Take advantage of this message. It is the first point of contact with your subscriber and your opportunity to set expectations for your email program. The message should contain the basic info, such as who you are and why they are receiving your email, but there is also an opportunity to tailor this messaging based on your subscriber’s behavior.
By using dynamic content in your welcome message, you can display content based on your new subscriber’s information. For example, if your opt-in form requires geographical information such as city or zip code, you can dynamically populate nearby stores or incentives unique to the location.
Another way to take advantage of the welcome message is to create a welcome series. It is important not to overwhelm your subscriber with too much information at once. A series of two or more emails can be more effective than cramming all your info into a single email. Consider sending a follow-up welcome email a week after the initial message that encourages them to like your Facebook page or download a whitepaper.
Whatever your goals are for your email program, utilize your welcome messages as an educational and personalized experience for your subscribers.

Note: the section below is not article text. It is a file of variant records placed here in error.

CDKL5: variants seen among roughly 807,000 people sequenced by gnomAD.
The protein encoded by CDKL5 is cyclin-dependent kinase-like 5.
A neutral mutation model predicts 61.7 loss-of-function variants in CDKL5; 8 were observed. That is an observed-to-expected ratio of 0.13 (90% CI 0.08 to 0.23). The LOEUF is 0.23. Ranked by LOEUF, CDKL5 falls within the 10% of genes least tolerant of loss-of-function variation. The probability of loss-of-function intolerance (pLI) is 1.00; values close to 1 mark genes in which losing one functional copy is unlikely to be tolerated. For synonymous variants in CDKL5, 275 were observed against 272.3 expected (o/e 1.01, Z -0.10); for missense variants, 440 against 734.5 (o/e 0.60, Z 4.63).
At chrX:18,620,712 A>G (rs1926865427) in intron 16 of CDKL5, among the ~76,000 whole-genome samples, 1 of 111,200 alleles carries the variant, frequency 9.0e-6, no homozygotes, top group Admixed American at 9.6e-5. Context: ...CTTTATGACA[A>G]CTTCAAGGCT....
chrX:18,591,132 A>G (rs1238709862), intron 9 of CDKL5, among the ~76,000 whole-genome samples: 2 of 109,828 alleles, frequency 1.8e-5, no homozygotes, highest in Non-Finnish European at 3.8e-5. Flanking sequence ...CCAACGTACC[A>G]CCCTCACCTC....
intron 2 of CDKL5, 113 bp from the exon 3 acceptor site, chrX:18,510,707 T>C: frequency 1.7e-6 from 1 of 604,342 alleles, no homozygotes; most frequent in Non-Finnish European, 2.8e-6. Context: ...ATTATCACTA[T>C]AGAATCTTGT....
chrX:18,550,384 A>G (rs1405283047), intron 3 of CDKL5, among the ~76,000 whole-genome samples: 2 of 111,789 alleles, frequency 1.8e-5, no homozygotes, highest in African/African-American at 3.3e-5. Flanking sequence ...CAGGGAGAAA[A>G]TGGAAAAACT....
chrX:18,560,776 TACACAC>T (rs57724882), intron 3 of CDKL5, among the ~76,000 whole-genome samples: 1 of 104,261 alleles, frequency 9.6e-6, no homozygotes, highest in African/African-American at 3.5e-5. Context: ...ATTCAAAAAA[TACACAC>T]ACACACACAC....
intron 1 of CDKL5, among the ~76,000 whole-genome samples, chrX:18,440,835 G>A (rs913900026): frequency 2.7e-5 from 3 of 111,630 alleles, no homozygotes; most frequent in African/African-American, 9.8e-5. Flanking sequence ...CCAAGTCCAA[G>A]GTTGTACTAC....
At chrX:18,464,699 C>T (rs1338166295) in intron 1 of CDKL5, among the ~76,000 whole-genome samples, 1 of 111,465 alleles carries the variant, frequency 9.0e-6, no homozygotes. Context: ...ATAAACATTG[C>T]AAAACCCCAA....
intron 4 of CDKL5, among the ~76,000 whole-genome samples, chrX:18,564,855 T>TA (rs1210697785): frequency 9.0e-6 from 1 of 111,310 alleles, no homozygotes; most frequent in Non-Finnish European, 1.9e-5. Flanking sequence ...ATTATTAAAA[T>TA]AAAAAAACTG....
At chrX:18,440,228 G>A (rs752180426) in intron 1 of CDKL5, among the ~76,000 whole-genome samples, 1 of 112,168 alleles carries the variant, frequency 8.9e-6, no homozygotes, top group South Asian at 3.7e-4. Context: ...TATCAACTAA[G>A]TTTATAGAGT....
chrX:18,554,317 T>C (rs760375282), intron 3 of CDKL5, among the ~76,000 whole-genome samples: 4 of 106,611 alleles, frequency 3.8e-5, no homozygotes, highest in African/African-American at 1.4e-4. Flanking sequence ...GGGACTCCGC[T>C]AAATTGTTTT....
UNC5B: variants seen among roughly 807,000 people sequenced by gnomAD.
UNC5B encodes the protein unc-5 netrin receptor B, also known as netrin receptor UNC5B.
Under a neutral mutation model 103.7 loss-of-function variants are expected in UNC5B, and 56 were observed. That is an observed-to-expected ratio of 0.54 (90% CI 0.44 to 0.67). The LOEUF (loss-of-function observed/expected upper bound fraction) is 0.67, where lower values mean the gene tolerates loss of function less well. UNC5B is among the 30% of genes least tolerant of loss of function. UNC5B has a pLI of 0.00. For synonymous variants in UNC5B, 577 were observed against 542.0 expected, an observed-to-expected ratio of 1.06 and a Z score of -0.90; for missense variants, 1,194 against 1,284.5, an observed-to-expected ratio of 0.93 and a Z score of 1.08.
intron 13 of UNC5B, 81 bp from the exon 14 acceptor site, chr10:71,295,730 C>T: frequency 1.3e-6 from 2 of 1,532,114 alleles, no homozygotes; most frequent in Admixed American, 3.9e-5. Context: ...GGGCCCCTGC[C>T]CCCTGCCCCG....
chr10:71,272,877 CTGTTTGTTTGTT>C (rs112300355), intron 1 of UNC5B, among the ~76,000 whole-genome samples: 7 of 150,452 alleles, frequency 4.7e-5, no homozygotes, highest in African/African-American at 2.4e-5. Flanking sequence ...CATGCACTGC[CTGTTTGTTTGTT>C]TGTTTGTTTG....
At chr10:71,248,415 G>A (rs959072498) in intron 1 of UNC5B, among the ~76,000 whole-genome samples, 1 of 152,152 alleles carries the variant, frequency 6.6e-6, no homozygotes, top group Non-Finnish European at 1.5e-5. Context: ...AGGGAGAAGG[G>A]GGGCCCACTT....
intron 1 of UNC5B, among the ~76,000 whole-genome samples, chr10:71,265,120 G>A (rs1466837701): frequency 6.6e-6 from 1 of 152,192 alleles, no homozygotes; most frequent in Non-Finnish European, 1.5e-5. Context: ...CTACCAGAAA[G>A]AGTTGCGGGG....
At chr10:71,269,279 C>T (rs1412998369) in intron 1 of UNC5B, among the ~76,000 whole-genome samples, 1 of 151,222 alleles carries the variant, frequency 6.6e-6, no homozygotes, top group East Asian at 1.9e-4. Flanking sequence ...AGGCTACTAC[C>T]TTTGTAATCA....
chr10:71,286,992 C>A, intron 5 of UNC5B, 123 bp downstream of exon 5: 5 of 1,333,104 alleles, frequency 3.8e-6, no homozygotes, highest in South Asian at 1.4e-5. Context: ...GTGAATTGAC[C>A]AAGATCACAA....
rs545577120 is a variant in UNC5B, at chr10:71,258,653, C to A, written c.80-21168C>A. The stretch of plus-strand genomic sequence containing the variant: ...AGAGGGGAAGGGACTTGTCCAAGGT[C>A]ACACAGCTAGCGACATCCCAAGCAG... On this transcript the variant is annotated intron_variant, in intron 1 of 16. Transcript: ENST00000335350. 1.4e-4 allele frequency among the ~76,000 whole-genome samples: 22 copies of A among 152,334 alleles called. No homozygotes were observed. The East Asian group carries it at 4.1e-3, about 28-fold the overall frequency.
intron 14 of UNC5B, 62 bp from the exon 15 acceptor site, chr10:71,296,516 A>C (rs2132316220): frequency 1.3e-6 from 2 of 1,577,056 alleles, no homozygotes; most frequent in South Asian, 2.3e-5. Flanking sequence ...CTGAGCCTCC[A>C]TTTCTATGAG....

Triggered messaging based on subscriber behavior
In many cases, an “email address” may be the only piece of data you have for your subscribers. If email is the only identifying info you have on file, you can still learn about your subscribers through their behavior.
Major ESPs allow you to query your list and segment based on your subscriber’s email behavior. You can take this a step further and set up triggered emails based on this behavior as well. For example, if a subscriber has not opened an email in the past six months, you can have an email automatically deploy to remind them why they are receiving your emails and give them a chance to update their preferences or opt out completely.
Identifying and deploying personal messages to unengaged subscribers is just one example of utilizing subscriber behavior and triggered messaging. There many possible uses for this with any email campaign. Triggered emails are very effective (and relevant) and a lot less work than manually deploying campaigns.